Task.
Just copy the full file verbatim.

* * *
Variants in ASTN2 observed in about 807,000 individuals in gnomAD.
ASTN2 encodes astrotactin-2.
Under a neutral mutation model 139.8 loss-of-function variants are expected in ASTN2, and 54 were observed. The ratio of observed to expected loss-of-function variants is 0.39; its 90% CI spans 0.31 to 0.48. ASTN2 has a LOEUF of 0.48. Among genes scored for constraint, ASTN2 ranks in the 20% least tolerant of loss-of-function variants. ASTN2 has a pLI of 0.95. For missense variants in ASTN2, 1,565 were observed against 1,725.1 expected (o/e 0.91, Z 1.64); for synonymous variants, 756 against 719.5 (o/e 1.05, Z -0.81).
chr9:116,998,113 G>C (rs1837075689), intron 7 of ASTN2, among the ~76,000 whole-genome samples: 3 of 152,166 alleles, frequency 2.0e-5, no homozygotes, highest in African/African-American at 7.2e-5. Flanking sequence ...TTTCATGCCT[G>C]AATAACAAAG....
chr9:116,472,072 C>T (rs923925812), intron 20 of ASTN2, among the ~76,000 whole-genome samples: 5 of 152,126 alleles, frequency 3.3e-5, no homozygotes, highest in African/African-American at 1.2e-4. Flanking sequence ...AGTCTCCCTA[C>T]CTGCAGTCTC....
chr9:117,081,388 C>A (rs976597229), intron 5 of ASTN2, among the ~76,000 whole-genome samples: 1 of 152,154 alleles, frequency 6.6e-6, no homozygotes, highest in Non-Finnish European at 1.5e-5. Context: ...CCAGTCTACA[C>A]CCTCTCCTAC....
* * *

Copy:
Variants in ASTN2 observed in about 807,000 individuals in gnomAD.
ASTN2 encodes astrotactin-2.
Under a neutral mutation model 139.8 loss-of-function variants are expected in ASTN2, and 54 were observed. The ratio of observed to expected loss-of-function variants is 0.39; its 90% CI spans 0.31 to 0.48. ASTN2 has a LOEUF of 0.48. Among genes scored for constraint, ASTN2 ranks in the 20% least tolerant of loss-of-function variants. ASTN2 has a pLI of 0.95. For missense variants in ASTN2, 1,565 were observed against 1,725.1 expected (o/e 0.91, Z 1.64); for synonymous variants, 756 against 719.5 (o/e 1.05, Z -0.81).
chr9:116,998,113 G>C (rs1837075689), intron 7 of ASTN2, among the ~76,000 whole-genome samples: 3 of 152,166 alleles, frequency 2.0e-5, no homozygotes, highest in African/African-American at 7.2e-5. Flanking sequence ...TTTCATGCCT[G>C]AATAACAAAG....
chr9:116,472,072 C>T (rs923925812), intron 20 of ASTN2, among the ~76,000 whole-genome samples: 5 of 152,126 alleles, frequency 3.3e-5, no homozygotes, highest in African/African-American at 1.2e-4. Flanking sequence ...AGTCTCCCTA[C>T]CTGCAGTCTC....
chr9:117,081,388 C>A (rs976597229), intron 5 of ASTN2, among the ~76,000 whole-genome samples: 1 of 152,154 alleles, frequency 6.6e-6, no homozygotes, highest in Non-Finnish European at 1.5e-5. Context: ...CCAGTCTACA[C>A]CCTCTCCTAC....